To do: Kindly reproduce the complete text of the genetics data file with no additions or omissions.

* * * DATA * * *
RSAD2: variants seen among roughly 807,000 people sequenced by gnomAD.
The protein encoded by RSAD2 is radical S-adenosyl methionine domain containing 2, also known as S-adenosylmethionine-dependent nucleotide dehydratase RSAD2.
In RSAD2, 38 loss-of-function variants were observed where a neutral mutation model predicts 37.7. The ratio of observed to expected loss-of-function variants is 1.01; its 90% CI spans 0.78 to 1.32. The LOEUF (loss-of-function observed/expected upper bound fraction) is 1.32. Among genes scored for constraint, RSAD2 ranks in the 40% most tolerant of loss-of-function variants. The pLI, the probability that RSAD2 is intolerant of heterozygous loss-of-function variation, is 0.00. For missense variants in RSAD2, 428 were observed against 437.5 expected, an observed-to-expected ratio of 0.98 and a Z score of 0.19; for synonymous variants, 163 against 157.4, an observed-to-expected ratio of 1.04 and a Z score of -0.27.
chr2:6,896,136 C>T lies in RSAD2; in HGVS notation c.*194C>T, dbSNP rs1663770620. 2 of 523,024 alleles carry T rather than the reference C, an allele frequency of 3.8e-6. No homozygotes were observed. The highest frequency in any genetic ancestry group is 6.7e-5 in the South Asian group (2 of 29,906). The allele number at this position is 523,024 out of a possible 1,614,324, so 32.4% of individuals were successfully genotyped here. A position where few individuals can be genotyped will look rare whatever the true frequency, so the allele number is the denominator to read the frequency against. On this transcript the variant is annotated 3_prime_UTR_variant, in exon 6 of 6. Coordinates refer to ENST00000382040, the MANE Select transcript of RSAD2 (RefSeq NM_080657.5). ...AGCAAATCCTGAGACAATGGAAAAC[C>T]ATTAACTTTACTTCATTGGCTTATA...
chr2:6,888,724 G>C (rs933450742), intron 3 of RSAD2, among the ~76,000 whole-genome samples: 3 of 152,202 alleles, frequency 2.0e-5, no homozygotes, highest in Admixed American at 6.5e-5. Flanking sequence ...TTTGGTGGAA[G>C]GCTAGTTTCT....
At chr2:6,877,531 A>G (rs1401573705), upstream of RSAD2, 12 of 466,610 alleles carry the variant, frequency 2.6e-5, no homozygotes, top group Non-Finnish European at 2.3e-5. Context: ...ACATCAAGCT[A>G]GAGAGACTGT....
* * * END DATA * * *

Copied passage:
RSAD2: variants seen among roughly 807,000 people sequenced by gnomAD.
The protein encoded by RSAD2 is radical S-adenosyl methionine domain containing 2, also known as S-adenosylmethionine-dependent nucleotide dehydratase RSAD2.
In RSAD2, 38 loss-of-function variants were observed where a neutral mutation model predicts 37.7. The ratio of observed to expected loss-of-function variants is 1.01; its 90% CI spans 0.78 to 1.32. The LOEUF (loss-of-function observed/expected upper bound fraction) is 1.32. Among genes scored for constraint, RSAD2 ranks in the 40% most tolerant of loss-of-function variants. The pLI, the probability that RSAD2 is intolerant of heterozygous loss-of-function variation, is 0.00. For missense variants in RSAD2, 428 were observed against 437.5 expected, an observed-to-expected ratio of 0.98 and a Z score of 0.19; for synonymous variants, 163 against 157.4, an observed-to-expected ratio of 1.04 and a Z score of -0.27.
chr2:6,896,136 C>T lies in RSAD2; in HGVS notation c.*194C>T, dbSNP rs1663770620. 2 of 523,024 alleles carry T rather than the reference C, an allele frequency of 3.8e-6. No homozygotes were observed. The highest frequency in any genetic ancestry group is 6.7e-5 in the South Asian group (2 of 29,906). The allele number at this position is 523,024 out of a possible 1,614,324, so 32.4% of individuals were successfully genotyped here. A position where few individuals can be genotyped will look rare whatever the true frequency, so the allele number is the denominator to read the frequency against. On this transcript the variant is annotated 3_prime_UTR_variant, in exon 6 of 6. Coordinates refer to ENST00000382040, the MANE Select transcript of RSAD2 (RefSeq NM_080657.5). ...AGCAAATCCTGAGACAATGGAAAAC[C>T]ATTAACTTTACTTCATTGGCTTATA...
chr2:6,888,724 G>C (rs933450742), intron 3 of RSAD2, among the ~76,000 whole-genome samples: 3 of 152,202 alleles, frequency 2.0e-5, no homozygotes, highest in Admixed American at 6.5e-5. Flanking sequence ...TTTGGTGGAA[G>C]GCTAGTTTCT....
At chr2:6,877,531 A>G (rs1401573705), upstream of RSAD2, 12 of 466,610 alleles carry the variant, frequency 2.6e-5, no homozygotes, top group Non-Finnish European at 2.3e-5. Context: ...ACATCAAGCT[A>G]GAGAGACTGT....